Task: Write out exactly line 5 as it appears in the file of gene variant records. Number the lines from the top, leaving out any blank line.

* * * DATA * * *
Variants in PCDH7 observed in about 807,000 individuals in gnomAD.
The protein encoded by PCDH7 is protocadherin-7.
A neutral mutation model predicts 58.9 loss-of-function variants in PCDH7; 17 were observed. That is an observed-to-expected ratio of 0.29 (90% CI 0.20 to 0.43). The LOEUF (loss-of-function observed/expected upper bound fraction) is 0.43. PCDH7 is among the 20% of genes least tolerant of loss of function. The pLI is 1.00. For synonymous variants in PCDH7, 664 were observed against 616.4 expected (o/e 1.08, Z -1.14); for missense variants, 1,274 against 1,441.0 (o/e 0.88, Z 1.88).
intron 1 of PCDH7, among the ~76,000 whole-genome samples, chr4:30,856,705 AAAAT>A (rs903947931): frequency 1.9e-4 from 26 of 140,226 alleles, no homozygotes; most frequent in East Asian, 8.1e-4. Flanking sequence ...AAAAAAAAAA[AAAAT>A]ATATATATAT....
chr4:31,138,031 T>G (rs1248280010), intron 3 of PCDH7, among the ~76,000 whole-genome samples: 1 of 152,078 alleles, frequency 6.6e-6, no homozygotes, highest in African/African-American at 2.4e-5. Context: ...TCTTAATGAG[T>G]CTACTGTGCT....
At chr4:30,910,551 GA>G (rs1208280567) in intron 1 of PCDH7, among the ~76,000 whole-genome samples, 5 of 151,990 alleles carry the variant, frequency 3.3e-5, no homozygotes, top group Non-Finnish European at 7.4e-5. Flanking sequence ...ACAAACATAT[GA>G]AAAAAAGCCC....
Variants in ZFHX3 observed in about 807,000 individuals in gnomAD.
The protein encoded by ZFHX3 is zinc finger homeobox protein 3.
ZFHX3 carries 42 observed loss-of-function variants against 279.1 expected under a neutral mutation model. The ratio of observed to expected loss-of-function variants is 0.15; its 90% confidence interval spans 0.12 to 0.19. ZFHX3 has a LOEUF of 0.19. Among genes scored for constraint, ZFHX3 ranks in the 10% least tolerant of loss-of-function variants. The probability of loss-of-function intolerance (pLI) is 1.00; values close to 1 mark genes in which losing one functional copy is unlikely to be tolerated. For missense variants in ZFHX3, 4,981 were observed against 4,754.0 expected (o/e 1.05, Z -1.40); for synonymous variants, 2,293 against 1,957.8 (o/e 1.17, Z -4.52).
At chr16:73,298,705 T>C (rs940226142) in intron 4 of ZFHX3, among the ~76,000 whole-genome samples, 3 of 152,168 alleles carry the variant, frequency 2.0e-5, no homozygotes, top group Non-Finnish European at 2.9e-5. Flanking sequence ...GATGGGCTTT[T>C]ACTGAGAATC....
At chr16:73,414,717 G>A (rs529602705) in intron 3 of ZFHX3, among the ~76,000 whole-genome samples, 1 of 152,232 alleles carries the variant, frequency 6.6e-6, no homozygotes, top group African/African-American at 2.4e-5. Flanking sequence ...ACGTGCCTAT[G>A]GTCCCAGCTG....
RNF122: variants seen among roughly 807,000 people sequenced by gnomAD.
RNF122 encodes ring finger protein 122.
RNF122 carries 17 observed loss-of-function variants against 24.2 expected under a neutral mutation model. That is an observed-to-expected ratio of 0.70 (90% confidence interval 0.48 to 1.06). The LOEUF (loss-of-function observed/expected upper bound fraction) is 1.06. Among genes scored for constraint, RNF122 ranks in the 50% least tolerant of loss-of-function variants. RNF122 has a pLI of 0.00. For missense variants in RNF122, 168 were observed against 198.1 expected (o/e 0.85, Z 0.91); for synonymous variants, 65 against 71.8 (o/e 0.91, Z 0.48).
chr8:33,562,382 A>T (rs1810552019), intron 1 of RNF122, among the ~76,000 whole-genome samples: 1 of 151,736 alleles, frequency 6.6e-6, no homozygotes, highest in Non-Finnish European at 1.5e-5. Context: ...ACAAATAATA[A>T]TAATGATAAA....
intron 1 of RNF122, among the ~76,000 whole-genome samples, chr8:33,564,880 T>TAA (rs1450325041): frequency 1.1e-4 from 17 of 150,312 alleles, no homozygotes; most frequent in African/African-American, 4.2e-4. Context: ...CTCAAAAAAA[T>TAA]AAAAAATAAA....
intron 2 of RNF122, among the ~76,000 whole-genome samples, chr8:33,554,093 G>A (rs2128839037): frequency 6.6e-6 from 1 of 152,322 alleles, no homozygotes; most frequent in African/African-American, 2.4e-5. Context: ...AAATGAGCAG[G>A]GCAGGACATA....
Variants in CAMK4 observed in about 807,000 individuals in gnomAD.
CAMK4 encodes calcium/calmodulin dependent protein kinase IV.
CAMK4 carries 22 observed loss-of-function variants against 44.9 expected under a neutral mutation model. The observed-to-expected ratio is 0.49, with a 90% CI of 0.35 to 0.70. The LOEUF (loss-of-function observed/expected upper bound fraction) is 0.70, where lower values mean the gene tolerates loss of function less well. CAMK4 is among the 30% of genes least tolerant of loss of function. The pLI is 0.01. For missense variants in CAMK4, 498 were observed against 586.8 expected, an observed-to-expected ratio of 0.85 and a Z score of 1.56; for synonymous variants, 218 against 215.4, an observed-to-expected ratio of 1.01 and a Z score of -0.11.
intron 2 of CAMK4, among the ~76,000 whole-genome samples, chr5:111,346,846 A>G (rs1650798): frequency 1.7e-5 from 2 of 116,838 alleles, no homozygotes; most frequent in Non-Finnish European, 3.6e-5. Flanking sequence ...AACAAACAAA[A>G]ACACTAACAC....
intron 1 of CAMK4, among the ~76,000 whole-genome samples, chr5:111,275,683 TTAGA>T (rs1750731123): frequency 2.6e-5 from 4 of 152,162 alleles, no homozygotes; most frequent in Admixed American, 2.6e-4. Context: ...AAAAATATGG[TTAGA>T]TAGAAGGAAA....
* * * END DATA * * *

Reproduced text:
chr4:31,138,031 T>G (rs1248280010), intron 3 of PCDH7, among the ~76,000 whole-genome samples: 1 of 152,078 alleles, frequency 6.6e-6, no homozygotes, highest in African/African-American at 2.4e-5. Context: ...TCTTAATGAG[T>G]CTACTGTGCT....